Grain can cause a foal to grow too fast.
At about two weeks old, the foal will start picking at his mothers’ feed. It is essential to control his feed intake. Too much feed can lead to overgrowth of bone in the foal. If you notice him overeating feed raises the feed bucket beyond his reach. At two months, he can begin to eat small amounts of feed.
Monitor the weight of the colt and make adjustments accordingly. If you notice the foal growing too fast consider weaning him. Foals can be weaned as early as their third month.
It is also good to provide good hay to the young horse during this early stage, a mixture of grass hay and alfalfa provides needed nutrients. Weanlings can benefit from a supplement of vitamins, minerals, and protein to their diet. To learn more about the proper feeding of horses you may want to read this article.
Monitor your foals height.
Measure your foal from the floor to its withers to monitor his growth. An overfed foal can grow too fast and cause damage to their bones, resulting in leg deformities, such as uneven limbs.
If limb deformities are caught within the first couple of months, they can be corrected often with minimal intervention. This article provides helpful information about measuring your horse.
Have a clean, safe, and sturdy shelter available for your foal to escape the weather. Don’t keep a foal housed in a stall or small enclosed area for an extended period, never than 10 hours per day.
Pasture time for the colt will increase his overall well being. The ability to run freely is essential to the development of bone and muscle; exposure to other horses also helps develop social skills in the young horse.
Have your foals’ feet checked and trimmed by a farrier experienced in caring for foals hoofs. Proper foot care will help his bones develop correctly.
Weanlings gain 1.5 lbs. per day.
Your foal has grown nicely because you provided him the proper tools he needed, nutrition, exercise, and health care. At six months old he now stands approximately three-quarters of his mature height and weighs a little under fifty-percent of his adult body weight.
Weanlings continue their growth spurt; at six months, you can expect them to put on about 1.5 lbs. each day. The amount of weight they add to their frame decreases with age.
At twelve months a yearling should be adding about one pound per day and at 18 months of age, the amount of daily weight added should drop to three-quarters of a pound.
Healthy horses follow a steady growth pattern.
At six months old a weanling will measure in at seventy-five percent of his estimated height when fully grown. In a year he will stand about 90 percent of his expect height at maturity. Growth should occur in a steady pattern. It is essential to keep a log and monitor the horses’ growth.
Exercise is essential for horses’ physical development.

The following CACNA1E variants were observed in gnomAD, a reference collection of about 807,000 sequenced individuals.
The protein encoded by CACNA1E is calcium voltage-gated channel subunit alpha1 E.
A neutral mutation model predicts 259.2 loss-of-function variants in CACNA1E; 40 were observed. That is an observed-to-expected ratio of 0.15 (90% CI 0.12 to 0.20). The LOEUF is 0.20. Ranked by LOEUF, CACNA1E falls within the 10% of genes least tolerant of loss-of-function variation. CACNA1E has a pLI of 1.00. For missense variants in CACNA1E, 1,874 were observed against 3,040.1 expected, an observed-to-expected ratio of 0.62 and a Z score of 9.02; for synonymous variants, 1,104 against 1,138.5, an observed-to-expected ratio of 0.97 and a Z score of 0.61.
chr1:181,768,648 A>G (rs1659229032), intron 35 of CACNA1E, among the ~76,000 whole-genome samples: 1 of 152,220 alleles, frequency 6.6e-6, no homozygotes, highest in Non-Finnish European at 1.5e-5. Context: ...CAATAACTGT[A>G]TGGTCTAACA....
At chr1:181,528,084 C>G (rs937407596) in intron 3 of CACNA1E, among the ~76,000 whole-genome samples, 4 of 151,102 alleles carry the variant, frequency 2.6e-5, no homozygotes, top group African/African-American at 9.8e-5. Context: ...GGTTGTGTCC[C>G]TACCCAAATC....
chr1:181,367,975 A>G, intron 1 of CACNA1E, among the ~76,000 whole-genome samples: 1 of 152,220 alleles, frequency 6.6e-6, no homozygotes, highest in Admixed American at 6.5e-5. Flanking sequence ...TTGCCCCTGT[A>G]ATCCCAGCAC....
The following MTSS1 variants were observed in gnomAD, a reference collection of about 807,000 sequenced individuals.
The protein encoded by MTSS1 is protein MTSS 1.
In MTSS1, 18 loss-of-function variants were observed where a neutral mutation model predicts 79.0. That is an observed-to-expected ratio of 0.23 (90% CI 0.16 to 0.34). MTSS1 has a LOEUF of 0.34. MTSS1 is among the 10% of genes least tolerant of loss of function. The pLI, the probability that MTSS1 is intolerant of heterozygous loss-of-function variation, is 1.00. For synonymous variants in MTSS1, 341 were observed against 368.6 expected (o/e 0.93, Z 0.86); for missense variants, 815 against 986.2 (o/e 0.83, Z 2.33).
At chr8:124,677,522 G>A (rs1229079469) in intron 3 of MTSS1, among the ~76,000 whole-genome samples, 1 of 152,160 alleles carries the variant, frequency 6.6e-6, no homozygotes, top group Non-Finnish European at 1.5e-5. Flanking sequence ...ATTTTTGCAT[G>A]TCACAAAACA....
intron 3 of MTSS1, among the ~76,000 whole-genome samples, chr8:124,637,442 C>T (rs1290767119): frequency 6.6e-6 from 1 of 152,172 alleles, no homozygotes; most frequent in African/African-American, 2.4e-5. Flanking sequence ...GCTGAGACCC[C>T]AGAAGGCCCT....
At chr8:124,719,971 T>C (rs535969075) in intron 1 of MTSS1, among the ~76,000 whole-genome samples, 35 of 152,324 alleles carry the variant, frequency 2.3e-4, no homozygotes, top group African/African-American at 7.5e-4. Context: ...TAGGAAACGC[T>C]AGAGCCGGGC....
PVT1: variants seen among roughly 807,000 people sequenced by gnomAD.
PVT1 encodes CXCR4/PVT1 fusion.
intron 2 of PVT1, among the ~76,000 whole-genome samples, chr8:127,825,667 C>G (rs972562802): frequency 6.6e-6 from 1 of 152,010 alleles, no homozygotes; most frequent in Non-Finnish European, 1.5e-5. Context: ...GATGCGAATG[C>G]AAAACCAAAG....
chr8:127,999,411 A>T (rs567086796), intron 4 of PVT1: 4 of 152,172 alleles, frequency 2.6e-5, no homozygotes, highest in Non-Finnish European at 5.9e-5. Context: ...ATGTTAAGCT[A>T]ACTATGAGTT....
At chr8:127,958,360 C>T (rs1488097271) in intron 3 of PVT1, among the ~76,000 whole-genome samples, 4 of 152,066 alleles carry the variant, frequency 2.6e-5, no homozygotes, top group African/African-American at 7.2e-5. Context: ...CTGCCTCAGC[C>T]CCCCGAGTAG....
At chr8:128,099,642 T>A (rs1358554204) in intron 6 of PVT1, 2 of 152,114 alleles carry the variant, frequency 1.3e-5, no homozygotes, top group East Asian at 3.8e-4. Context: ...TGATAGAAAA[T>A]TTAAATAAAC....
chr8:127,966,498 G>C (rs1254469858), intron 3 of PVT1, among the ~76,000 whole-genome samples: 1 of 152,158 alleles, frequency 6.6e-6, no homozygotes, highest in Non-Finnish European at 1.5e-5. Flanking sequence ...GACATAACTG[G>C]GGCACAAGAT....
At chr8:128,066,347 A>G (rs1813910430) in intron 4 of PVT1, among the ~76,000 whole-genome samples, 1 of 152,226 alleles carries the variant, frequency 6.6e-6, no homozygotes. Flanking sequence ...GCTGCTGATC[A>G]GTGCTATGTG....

The housing principles are the same for weanlings, foals, and yearlings, the more pasture time the better-adjusted horse. This principle applies to the physical and mental health of the horse.
For optimal physical development, a horse needs to run and play. A young horse’s bones, joints, and muscles require natural movement to develop correctly. The benefits gained in free exercise can’t be duplicated with the use of a walker or by longeing a horse.
Bone density, joint flexibility, and muscle growth all develop better in a natural environment. Studies have indicated that horses confined at a young age are more likely to become cribbers than horses not stabled young. (To read about cribbing causes click here) For the betterment of growing horses keep stall confinement to a minimum.
Young horses need a series of vaccinations.
The vaccines necessary for your horse depends on the region you live; however, there are some vaccines common to all horses regardless of area, these include tetanus, West Nile virus, rabies, Eastern/Western encephalitis, and flu.
Talk to your local veterinarian to ensure your horse has all the vaccinations he needs. When speaking to him about vaccines also discuss a protocol for worming your young horse.
Have all young horses teeth checked every year and also, keep up with your horse’s hooves. During the first two years, you want to maintain proper balance in your horse’s feet, so he doesn’t develop any unbalance in his limbs caused by uneven hoofs.
Turnout time is critical in the development of a horse.
Pasture turnout is essential not only for continued physical development but also for social and psychological considerations. Horses with more turn out time are easier to train. Keep up with the proper maintenance of the horses’ feet, teeth, and vaccine protocol.
The knees, in most breeds of horses, close between eighteen and twenty-four months of age in a horse. Closure of the knee is one indicator people use to decide if a horse is ready for training.
But be cautious and use information about horses as a general guide, remember a horse is an individual. You can’t use a one size fits all method to determine when a horse is ready to train.